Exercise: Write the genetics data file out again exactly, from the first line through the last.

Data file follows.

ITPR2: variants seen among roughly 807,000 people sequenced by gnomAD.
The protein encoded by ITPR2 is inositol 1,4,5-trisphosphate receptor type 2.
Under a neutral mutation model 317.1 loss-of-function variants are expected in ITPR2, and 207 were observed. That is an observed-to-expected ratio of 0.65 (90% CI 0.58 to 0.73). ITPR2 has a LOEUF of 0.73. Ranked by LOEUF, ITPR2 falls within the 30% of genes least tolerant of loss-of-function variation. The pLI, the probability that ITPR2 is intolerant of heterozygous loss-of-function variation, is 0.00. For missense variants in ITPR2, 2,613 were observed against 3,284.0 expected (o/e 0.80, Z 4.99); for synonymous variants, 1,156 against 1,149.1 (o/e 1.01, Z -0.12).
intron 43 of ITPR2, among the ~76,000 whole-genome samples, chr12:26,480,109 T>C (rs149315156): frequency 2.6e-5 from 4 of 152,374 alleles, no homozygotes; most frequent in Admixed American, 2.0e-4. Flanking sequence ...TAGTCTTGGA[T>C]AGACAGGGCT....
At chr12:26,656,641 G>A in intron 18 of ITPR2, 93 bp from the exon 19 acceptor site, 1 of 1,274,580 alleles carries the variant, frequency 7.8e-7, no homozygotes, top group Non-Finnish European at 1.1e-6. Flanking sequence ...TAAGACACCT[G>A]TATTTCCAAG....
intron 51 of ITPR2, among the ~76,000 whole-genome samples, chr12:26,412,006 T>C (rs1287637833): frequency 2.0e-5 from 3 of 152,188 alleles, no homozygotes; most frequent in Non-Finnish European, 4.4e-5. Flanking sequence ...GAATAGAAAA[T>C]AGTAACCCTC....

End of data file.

ITPR2: variants seen among roughly 807,000 people sequenced by gnomAD.
The protein encoded by ITPR2 is inositol 1,4,5-trisphosphate receptor type 2.
Under a neutral mutation model 317.1 loss-of-function variants are expected in ITPR2, and 207 were observed. That is an observed-to-expected ratio of 0.65 (90% CI 0.58 to 0.73). ITPR2 has a LOEUF of 0.73. Ranked by LOEUF, ITPR2 falls within the 30% of genes least tolerant of loss-of-function variation. The pLI, the probability that ITPR2 is intolerant of heterozygous loss-of-function variation, is 0.00. For missense variants in ITPR2, 2,613 were observed against 3,284.0 expected (o/e 0.80, Z 4.99); for synonymous variants, 1,156 against 1,149.1 (o/e 1.01, Z -0.12).
intron 43 of ITPR2, among the ~76,000 whole-genome samples, chr12:26,480,109 T>C (rs149315156): frequency 2.6e-5 from 4 of 152,374 alleles, no homozygotes; most frequent in Admixed American, 2.0e-4. Flanking sequence ...TAGTCTTGGA[T>C]AGACAGGGCT....
At chr12:26,656,641 G>A in intron 18 of ITPR2, 93 bp from the exon 19 acceptor site, 1 of 1,274,580 alleles carries the variant, frequency 7.8e-7, no homozygotes, top group Non-Finnish European at 1.1e-6. Flanking sequence ...TAAGACACCT[G>A]TATTTCCAAG....
intron 51 of ITPR2, among the ~76,000 whole-genome samples, chr12:26,412,006 T>C (rs1287637833): frequency 2.0e-5 from 3 of 152,188 alleles, no homozygotes; most frequent in Non-Finnish European, 4.4e-5. Flanking sequence ...GAATAGAAAA[T>C]AGTAACCCTC....